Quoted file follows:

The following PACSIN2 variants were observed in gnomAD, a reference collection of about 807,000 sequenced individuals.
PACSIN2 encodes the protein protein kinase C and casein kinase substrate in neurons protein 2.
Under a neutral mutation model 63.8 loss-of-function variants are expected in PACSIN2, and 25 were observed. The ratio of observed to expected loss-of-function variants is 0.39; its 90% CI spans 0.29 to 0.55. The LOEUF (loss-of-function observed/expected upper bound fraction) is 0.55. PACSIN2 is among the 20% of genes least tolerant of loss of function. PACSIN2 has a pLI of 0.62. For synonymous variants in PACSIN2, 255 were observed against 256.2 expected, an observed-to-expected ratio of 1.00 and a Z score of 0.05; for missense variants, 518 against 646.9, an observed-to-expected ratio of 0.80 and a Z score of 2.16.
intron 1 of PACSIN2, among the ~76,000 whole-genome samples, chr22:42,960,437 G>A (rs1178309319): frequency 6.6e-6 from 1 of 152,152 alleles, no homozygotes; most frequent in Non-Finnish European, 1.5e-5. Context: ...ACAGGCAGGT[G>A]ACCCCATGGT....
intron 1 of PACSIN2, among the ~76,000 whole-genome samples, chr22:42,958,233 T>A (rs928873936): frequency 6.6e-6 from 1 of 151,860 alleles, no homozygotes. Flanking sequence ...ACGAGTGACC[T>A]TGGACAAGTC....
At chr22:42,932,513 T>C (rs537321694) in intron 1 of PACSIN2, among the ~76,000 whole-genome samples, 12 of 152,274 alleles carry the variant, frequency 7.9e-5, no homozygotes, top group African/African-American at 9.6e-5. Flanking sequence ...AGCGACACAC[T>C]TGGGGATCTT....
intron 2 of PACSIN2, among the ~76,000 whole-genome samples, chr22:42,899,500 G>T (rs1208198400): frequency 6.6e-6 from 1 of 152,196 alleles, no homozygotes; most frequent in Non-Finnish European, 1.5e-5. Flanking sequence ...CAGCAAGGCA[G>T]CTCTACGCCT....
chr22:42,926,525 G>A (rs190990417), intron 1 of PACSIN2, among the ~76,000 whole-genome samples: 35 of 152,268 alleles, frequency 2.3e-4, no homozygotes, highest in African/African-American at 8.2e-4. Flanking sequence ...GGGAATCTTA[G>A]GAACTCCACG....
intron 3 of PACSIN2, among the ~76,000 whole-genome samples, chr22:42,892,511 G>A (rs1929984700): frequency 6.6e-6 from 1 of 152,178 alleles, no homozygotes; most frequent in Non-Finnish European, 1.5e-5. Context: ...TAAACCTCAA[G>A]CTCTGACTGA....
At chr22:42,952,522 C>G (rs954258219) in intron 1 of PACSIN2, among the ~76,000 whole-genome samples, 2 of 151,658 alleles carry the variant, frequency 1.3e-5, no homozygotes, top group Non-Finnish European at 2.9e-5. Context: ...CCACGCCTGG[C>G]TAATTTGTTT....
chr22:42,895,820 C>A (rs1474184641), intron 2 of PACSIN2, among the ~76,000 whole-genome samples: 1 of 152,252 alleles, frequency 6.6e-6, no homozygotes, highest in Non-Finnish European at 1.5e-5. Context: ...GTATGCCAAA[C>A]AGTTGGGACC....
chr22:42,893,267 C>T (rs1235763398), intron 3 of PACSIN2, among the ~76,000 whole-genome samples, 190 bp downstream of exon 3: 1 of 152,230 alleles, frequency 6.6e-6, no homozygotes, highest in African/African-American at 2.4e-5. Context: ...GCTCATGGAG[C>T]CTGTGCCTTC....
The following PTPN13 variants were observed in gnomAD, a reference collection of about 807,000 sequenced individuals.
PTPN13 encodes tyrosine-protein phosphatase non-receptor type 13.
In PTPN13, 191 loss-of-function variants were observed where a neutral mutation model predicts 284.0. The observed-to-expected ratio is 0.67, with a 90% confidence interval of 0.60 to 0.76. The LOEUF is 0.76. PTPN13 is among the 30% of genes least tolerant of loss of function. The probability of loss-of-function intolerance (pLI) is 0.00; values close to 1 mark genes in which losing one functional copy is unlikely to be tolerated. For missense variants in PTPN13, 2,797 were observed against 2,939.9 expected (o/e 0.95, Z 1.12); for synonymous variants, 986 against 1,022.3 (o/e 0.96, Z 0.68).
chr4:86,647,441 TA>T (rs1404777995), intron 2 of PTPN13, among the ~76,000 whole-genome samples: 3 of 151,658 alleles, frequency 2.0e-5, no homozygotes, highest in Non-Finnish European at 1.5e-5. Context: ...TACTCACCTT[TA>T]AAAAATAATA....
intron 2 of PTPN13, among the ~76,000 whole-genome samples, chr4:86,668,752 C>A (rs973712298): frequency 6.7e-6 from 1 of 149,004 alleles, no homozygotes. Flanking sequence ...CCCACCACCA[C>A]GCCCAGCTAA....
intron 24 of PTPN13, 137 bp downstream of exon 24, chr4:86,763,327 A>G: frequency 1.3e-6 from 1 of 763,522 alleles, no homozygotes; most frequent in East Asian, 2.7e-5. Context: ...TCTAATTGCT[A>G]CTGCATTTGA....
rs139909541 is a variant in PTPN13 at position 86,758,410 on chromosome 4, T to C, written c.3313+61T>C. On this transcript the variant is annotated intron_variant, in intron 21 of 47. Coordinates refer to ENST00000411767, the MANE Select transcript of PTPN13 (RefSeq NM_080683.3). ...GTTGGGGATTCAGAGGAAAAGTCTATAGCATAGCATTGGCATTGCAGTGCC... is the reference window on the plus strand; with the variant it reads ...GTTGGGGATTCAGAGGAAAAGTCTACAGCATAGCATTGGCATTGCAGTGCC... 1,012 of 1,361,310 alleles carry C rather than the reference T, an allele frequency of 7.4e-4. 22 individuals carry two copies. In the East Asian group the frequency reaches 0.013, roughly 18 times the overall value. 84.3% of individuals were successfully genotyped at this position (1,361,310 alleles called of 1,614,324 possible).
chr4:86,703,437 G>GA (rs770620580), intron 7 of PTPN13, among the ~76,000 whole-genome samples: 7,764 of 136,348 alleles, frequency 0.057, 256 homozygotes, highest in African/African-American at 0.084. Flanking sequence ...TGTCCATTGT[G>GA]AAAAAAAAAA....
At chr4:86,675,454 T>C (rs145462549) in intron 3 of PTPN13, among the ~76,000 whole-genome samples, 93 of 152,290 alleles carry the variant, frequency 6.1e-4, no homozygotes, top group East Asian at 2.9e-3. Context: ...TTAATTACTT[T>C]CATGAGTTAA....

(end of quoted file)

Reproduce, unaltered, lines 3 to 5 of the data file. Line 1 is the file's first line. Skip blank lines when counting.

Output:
Under a neutral mutation model 63.8 loss-of-function variants are expected in PACSIN2, and 25 were observed. The ratio of observed to expected loss-of-function variants is 0.39; its 90% CI spans 0.29 to 0.55. The LOEUF (loss-of-function observed/expected upper bound fraction) is 0.55. PACSIN2 is among the 20% of genes least tolerant of loss of function. PACSIN2 has a pLI of 0.62. For synonymous variants in PACSIN2, 255 were observed against 256.2 expected, an observed-to-expected ratio of 1.00 and a Z score of 0.05; for missense variants, 518 against 646.9, an observed-to-expected ratio of 0.80 and a Z score of 2.16.
intron 1 of PACSIN2, among the ~76,000 whole-genome samples, chr22:42,960,437 G>A (rs1178309319): frequency 6.6e-6 from 1 of 152,152 alleles, no homozygotes; most frequent in Non-Finnish European, 1.5e-5. Context: ...ACAGGCAGGT[G>A]ACCCCATGGT....
intron 1 of PACSIN2, among the ~76,000 whole-genome samples, chr22:42,958,233 T>A (rs928873936): frequency 6.6e-6 from 1 of 151,860 alleles, no homozygotes. Flanking sequence ...ACGAGTGACC[T>A]TGGACAAGTC....